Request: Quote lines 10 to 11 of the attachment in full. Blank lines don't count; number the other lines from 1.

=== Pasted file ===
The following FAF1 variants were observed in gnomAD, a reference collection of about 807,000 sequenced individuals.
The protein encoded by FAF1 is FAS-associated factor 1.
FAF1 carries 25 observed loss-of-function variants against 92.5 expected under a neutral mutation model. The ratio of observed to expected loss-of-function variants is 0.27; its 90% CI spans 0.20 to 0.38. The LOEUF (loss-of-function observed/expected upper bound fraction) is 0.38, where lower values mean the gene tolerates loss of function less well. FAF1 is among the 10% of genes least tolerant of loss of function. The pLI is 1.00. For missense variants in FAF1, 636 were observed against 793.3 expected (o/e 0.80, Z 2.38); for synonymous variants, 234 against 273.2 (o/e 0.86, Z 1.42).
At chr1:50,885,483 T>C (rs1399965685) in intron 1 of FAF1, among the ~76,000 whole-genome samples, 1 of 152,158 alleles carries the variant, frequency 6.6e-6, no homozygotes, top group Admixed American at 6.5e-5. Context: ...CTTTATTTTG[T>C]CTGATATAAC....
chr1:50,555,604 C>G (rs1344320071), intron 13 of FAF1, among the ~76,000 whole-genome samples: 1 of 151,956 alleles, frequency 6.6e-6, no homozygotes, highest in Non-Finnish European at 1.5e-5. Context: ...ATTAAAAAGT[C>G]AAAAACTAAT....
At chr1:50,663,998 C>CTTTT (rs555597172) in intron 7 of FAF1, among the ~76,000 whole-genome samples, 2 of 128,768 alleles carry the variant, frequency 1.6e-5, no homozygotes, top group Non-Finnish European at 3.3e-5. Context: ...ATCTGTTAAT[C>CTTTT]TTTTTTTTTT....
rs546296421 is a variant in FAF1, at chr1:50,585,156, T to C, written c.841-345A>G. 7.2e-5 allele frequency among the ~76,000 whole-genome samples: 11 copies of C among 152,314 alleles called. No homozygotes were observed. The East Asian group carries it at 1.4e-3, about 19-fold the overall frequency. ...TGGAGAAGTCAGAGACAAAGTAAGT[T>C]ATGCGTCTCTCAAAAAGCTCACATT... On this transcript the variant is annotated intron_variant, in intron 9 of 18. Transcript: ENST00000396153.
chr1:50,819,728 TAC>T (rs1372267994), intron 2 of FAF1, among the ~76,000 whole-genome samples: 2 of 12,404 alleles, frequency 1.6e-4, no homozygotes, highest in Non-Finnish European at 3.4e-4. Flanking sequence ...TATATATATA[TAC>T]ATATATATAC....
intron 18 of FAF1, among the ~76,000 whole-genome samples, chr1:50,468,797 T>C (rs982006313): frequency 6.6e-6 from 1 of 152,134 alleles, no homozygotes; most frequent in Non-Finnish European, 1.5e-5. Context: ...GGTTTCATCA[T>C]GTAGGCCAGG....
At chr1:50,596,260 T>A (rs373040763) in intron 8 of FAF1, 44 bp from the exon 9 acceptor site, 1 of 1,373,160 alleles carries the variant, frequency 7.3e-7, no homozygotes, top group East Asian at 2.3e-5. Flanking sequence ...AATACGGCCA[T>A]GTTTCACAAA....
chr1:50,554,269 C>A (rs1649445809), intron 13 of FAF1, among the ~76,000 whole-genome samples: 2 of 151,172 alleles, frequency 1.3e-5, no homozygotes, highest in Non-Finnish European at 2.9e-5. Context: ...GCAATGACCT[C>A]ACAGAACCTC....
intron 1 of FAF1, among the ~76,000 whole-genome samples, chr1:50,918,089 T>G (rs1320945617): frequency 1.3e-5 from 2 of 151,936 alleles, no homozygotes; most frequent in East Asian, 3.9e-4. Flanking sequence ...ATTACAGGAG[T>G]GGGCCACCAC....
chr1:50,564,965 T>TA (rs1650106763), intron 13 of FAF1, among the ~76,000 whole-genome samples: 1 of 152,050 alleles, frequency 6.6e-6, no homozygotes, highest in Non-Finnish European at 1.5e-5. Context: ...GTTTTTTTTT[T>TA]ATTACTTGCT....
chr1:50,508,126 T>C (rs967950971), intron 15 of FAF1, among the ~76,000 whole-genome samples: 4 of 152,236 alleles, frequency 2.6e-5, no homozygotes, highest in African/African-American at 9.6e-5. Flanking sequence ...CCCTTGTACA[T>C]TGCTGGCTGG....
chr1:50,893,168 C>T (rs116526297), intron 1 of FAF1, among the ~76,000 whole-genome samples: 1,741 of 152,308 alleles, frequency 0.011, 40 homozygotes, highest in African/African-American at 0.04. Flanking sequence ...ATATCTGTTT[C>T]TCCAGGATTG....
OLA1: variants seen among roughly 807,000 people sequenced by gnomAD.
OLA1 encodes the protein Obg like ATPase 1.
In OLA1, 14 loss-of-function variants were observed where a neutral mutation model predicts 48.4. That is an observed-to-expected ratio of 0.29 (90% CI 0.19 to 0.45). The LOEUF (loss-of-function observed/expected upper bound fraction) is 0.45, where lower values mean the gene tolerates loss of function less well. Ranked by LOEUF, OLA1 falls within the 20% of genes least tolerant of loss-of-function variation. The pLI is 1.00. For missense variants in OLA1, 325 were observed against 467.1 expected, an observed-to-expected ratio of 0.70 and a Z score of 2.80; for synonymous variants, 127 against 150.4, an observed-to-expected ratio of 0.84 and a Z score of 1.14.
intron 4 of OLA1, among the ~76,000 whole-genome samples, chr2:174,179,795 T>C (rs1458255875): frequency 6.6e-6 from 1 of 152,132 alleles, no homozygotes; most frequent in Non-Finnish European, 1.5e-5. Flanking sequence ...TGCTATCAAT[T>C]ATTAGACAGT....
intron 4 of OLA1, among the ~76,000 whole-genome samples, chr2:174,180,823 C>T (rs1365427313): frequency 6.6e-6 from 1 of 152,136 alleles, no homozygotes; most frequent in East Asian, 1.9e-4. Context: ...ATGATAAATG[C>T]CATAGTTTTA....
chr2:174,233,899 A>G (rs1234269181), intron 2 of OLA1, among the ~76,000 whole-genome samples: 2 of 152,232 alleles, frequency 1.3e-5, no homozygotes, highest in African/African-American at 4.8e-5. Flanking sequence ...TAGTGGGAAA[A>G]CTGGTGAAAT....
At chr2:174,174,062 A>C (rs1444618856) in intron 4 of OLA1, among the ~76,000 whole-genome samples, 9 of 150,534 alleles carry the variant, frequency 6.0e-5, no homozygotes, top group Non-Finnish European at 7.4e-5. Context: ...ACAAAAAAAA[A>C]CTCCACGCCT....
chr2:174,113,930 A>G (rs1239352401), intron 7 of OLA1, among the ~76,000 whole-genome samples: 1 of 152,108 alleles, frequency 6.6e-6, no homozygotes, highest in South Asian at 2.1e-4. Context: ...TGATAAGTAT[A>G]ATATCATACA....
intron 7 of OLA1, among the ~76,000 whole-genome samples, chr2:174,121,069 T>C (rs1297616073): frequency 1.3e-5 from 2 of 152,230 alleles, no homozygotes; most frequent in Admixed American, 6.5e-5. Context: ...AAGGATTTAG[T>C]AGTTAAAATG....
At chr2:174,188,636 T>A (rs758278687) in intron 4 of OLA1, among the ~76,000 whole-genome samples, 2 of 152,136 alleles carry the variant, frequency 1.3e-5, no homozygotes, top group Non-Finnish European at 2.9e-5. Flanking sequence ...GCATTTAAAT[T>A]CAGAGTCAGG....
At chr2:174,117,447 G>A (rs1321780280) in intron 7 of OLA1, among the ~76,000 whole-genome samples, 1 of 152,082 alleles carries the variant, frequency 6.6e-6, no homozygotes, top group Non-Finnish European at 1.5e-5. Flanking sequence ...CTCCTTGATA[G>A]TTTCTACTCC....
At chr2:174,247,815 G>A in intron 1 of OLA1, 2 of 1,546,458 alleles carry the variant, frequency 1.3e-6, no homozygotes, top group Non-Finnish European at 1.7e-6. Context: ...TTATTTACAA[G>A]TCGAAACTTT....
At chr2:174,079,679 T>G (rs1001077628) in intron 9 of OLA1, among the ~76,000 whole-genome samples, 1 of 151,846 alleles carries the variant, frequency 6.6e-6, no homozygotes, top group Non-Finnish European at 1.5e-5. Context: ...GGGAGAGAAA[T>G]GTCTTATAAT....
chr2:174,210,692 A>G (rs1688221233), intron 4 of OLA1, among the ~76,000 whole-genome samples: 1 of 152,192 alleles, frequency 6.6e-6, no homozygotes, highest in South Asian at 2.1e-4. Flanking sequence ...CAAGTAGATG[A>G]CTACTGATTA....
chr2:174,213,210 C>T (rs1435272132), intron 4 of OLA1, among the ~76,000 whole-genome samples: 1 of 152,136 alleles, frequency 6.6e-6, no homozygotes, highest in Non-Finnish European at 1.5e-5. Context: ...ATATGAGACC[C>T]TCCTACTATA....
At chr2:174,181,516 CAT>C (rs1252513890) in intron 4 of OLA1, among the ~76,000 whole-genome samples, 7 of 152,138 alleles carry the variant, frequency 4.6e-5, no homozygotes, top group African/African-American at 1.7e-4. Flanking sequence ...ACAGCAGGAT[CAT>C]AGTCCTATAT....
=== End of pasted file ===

At chr1:50,596,260 T>A (rs373040763) in intron 8 of FAF1, 44 bp from the exon 9 acceptor site, 1 of 1,373,160 alleles carries the variant, frequency 7.3e-7, no homozygotes, top group East Asian at 2.3e-5. Flanking sequence ...AATACGGCCA[T>A]GTTTCACAAA....
chr1:50,554,269 C>A (rs1649445809), intron 13 of FAF1, among the ~76,000 whole-genome samples: 2 of 151,172 alleles, frequency 1.3e-5, no homozygotes, highest in Non-Finnish European at 2.9e-5. Context: ...GCAATGACCT[C>A]ACAGAACCTC....